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In early September, the City Council in Portland, Ore., met virtually to bar the police from using facial recognition. But the law does not prohibit an anti-police activist from using facial recognition against officers.

“I am involved with developing facial recognition to in fact use on Portland police officers, since they are not identifying themselves to the public,” Christopher Howell said during the meeting.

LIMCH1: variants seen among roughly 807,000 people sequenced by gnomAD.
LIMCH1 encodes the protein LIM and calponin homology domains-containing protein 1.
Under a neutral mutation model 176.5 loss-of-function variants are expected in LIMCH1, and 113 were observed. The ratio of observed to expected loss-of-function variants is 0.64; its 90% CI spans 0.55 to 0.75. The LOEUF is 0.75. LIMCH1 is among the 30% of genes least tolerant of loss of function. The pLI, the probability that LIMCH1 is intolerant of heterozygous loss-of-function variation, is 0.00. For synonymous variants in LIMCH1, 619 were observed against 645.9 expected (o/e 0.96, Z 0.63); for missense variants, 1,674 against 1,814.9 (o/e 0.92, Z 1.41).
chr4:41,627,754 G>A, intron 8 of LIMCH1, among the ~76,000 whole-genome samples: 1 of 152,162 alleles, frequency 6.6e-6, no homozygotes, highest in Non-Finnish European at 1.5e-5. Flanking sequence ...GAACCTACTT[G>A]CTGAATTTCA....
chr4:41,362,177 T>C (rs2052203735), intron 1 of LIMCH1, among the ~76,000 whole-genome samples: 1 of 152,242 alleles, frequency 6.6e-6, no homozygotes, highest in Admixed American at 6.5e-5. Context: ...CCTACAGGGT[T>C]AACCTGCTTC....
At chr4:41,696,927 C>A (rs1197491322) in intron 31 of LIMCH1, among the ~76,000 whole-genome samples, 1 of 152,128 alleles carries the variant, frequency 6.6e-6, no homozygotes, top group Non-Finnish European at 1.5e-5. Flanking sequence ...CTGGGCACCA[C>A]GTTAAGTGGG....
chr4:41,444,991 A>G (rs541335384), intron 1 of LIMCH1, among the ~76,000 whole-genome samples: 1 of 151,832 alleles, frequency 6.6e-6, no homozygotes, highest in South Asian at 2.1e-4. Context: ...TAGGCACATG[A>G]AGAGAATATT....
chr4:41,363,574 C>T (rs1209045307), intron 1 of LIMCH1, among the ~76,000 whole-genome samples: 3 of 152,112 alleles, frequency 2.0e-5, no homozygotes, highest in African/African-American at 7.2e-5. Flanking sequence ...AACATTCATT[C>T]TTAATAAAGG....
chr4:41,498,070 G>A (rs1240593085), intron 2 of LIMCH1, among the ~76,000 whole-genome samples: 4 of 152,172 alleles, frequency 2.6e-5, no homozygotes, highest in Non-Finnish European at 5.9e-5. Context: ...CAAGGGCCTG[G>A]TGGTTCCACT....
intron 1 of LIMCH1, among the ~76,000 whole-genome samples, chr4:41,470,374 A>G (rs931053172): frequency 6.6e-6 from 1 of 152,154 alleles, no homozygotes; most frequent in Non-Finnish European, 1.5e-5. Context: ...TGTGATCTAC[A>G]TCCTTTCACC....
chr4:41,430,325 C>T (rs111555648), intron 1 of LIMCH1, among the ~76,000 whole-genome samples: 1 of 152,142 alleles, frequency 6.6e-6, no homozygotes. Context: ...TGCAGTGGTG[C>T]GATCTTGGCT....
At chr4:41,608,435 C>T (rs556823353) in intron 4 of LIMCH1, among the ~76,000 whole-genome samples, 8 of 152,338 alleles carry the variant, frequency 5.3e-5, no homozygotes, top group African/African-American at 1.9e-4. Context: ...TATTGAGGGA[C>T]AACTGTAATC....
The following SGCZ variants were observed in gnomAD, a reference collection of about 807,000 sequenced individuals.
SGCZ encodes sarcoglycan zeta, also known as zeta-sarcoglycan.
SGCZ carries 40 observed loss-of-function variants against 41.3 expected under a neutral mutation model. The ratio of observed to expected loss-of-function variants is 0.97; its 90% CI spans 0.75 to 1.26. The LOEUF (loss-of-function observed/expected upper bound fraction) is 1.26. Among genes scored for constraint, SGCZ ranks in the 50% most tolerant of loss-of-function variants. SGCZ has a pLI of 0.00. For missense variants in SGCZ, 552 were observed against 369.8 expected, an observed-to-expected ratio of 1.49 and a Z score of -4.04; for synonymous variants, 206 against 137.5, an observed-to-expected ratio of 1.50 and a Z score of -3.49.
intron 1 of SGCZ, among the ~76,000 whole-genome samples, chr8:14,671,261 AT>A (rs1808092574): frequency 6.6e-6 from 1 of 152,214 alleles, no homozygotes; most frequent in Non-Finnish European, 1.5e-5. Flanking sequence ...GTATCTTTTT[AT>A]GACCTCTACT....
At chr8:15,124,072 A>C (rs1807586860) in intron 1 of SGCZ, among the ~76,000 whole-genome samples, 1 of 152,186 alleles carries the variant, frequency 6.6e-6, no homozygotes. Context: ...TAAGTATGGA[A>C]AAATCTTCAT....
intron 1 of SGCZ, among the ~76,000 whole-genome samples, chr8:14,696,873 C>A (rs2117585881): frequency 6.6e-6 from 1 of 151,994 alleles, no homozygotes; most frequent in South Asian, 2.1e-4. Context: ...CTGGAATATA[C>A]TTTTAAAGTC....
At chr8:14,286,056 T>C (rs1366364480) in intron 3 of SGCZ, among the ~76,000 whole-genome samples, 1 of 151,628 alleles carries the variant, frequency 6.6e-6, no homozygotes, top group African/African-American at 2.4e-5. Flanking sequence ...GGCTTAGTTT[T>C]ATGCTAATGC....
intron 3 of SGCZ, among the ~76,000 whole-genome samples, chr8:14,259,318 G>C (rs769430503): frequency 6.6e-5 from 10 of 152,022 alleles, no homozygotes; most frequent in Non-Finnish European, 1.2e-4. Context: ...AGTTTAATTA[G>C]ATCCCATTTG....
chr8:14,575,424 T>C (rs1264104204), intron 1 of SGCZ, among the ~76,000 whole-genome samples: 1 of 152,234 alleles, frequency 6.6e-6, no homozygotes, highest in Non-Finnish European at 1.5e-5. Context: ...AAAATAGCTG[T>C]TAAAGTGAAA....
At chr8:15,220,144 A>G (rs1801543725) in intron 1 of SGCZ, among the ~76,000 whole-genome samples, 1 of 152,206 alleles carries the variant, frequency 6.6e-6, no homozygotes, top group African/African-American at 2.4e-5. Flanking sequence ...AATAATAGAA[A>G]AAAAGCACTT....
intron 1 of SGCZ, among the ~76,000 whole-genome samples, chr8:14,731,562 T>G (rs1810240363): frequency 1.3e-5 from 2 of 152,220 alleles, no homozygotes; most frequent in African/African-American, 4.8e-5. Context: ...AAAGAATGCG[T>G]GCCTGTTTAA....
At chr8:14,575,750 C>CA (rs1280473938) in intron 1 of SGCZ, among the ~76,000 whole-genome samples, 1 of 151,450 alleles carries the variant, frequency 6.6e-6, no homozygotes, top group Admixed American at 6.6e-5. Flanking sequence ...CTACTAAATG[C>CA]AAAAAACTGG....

Over the summer, with the city seized by night after night of anarchist violence, leaders of the department had told uniformed officers that they could tape over their name.

Howell plans to use facial recognition to identify officers working the riots, the New York Times reports.

A lawyer for the city clarified said the new law banning police from using facial recognition to fight crime does not prevent Howell from using it against police.

“There’s a lot of excessive force here in Portland,” told the Times. “Knowing who the officers are seems like a baseline.”

Last week Portland required officers working protests to wear a three-digit ID number on their helmets, so they could be identified after an incident.

 

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